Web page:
The experimental setup of the Yb:fiber and erbium(Er):fiber master oscillator power amplifier (Yb/Er:fiber MOPA) systems used in this work are shown in Fig. 1. The Yb:fiber MOPA was seeded by an intensity modulated distributed feedback laser diode (DFB-LD) at 1.065 μm. The continuous wave (CW) output of the DFB-LD was modulated by a fiber coupled electro-optic modulator (EOM), producing pulses with selectable durations from 0.2–3 ns, at repetition rates between 1–50 MHz with a spectral linewidth of ∼ 40 pm [Figs. 1(b) and 1(c)]. The Er:fiber MOPA arm employed the same seed oscillator architecture, with the DFB-LD replaced by an external-cavity laser diode (ECLD) tunable from 1.50–1.58 μm. Similar pulse duration and repetition rate parameters were accessible with the Er:fiber MOPA [Figs. 1(d) and 1(e)]. In both MOPAs, two fiber amplifier stages consisting of Yb or Er doped fiber amplifiers (YDFA/EDFA) were then used to amplify the seed oscillators to average powers of 27/2 W, from the Yb/Er:fiber MOPA respectively. In both systems the modulators were driven using synchronized electrical pulse generators. Adjustable electrical delay lines between the pulse generators enabled easy temporal overlap of the pulses. The setup was similar to that used in [7], with the exception that in this work both MOPAs used duration tunable seed oscillators, resulting in greater flexibility when optimizing the nonlinear conversion. Optimized optics were also employed, enabling ∼30% more pump power incident on the crystal than was previously available [7].

 figure: Fig. 1

Fig. 1 (a) Master oscillator power amplifiers (MOPAs) used for mid-infrared (mid-IR) generation, component acronyms are described in the body of the main text. (b)/(d) Example spectral and (c)/(e) temporal outputs of the Yb/Er:fiber MOPAs. Labels show the full-width half maxima (FWHM) in wavelength, frequency and time domains respectively. MOPA output characteristics presented here represent those for optimal high average power mid-IR generation. (f) Mid-IR parametric conversion stage. The two MOPA outputs were combined in a 40 mm long MgO-doped periodically poled lithium niobate (MgO-PPLN) crystal. (g) Measured pump and signal beam caustics in air, at the focal position of crystal.

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The fiber amplifiers used in both arms were non-polarization maintaining, therefore, the output polarization state of the MOPAs tended to evolve during initial turn-on of the system. This evolution was due to temperature induced birefringence changes in the fiber. Quarter/half waveplate sets were used at the output of the MOPAs to linearize the polarization state for optimal nonlinear conversion [Fig. 1(f)]. After approximately half an hour of operation, the polarization state of the MOPAs stabilized, and subsequent adjustment of the waveplates was minimal. The second half waveplate and polarizing-plate beamsplitter (PPBS) were used in the Yb:fiber MOPA arm to provide control of the average power incident on the crystal. A dichroic mirror, highly reflective for the pump and highly transmissive for the signal, was used to direct the beams towards the crystal focusing lens. An f = 75 mm lens was used to focus the incident pump and signal beams into the crystal, resulting in beam waist diameters (D4σ widths) for the pump and signal of 85 μm and 95 μm respectively. Figure 1(g) shows the beam caustics of the pump and signal measured in air, at the focal position of the crystal. There is a ∼ 6 mm difference in focal positions for the pump and signal, attributed to chromatic aberration of the focusing lens used, and non-ideal wavefront curvature of the pump and signal beams. With the pump pulse presented in Fig. 1(c) [1 ns at 25 MHz], this pump spot size corresponds to a peak intensity in the crystal of ∼ 30 MW/cm2, well below the typical damage threshold quoted for PPLN in this pump power and pulse duration range of 0.1–1 GW/cm2 [4,5].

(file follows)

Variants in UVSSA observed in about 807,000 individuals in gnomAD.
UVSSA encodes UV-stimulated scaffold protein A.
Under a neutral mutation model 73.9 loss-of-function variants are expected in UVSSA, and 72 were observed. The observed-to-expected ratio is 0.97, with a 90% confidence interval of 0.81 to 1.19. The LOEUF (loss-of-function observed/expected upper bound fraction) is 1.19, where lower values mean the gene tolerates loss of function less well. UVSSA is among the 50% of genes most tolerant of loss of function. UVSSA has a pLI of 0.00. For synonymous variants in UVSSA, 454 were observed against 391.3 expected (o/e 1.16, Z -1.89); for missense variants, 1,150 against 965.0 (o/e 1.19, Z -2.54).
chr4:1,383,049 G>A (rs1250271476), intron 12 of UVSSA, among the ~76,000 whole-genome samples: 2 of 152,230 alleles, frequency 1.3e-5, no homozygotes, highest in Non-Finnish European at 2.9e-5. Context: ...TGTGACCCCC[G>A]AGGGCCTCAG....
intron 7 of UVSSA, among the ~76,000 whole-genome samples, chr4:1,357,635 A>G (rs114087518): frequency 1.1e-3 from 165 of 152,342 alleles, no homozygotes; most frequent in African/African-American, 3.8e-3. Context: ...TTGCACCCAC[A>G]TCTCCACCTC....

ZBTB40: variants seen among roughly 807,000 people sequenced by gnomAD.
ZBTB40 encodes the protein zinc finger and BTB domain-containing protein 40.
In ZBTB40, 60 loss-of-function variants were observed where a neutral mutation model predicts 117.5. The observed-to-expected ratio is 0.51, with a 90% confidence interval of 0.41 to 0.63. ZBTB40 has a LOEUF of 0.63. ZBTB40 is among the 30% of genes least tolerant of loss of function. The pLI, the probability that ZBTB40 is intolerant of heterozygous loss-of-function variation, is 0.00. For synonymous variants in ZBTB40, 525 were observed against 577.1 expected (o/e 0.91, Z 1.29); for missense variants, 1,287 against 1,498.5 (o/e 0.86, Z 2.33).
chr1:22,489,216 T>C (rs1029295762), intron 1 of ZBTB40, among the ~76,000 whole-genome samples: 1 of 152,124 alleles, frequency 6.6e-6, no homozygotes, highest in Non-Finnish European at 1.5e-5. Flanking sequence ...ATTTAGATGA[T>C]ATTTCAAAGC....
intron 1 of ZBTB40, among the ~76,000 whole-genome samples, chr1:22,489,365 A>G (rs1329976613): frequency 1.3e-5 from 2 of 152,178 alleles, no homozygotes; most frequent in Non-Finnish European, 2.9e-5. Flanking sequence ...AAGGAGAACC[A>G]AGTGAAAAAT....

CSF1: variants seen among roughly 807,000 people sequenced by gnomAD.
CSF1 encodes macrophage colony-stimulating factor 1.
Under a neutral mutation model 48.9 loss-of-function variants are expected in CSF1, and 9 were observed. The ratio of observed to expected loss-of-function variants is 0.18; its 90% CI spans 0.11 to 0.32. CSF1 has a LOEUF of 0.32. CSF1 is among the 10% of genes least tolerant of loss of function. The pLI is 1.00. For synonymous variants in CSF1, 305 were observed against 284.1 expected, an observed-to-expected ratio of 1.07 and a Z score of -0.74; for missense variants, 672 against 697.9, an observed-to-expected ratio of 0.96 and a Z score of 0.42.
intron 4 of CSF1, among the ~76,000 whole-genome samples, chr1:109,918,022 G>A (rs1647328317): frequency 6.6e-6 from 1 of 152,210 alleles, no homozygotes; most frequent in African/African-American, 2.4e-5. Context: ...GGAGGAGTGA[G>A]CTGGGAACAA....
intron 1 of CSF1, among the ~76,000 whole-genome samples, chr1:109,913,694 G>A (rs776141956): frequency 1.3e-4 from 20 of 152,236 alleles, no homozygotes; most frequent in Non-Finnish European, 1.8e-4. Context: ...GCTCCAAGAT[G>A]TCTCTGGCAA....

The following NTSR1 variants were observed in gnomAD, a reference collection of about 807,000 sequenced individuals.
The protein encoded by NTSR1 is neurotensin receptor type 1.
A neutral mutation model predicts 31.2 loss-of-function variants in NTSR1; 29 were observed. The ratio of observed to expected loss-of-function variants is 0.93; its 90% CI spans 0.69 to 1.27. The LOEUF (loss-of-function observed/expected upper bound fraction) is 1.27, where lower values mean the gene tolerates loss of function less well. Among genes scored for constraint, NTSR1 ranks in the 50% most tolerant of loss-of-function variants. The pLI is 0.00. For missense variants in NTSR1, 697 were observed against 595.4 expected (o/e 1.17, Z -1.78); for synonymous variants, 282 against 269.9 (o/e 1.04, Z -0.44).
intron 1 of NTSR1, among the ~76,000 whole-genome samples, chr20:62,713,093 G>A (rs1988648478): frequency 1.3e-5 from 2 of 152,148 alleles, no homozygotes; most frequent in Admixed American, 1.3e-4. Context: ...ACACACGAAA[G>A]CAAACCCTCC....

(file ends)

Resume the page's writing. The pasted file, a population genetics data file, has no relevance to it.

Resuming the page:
The PPLN used throughout this work was a 40×10×1 mm crystal doped with 5 mol.% MgO (MgO-PPLN - Covesion UK). A grating period of Λ=29.98 μm was employed for all the results presented herein. The entrance and exit faces of the crystal were anti-reflection coated for the pump, signal and idler wavelengths. The crystal was held in a copper oven enclosed in an insulated PTFE housing, and the oven temperature could be adjusted from 20–230°C with ±0.1°C accuracy. An uncoated CaF2 plano-convex lens was then used to collimate the pump, signal and idler from the crystal, before a CaF2 prism spectrally dispersed the three beams for analysis.

3. Mid-IR generation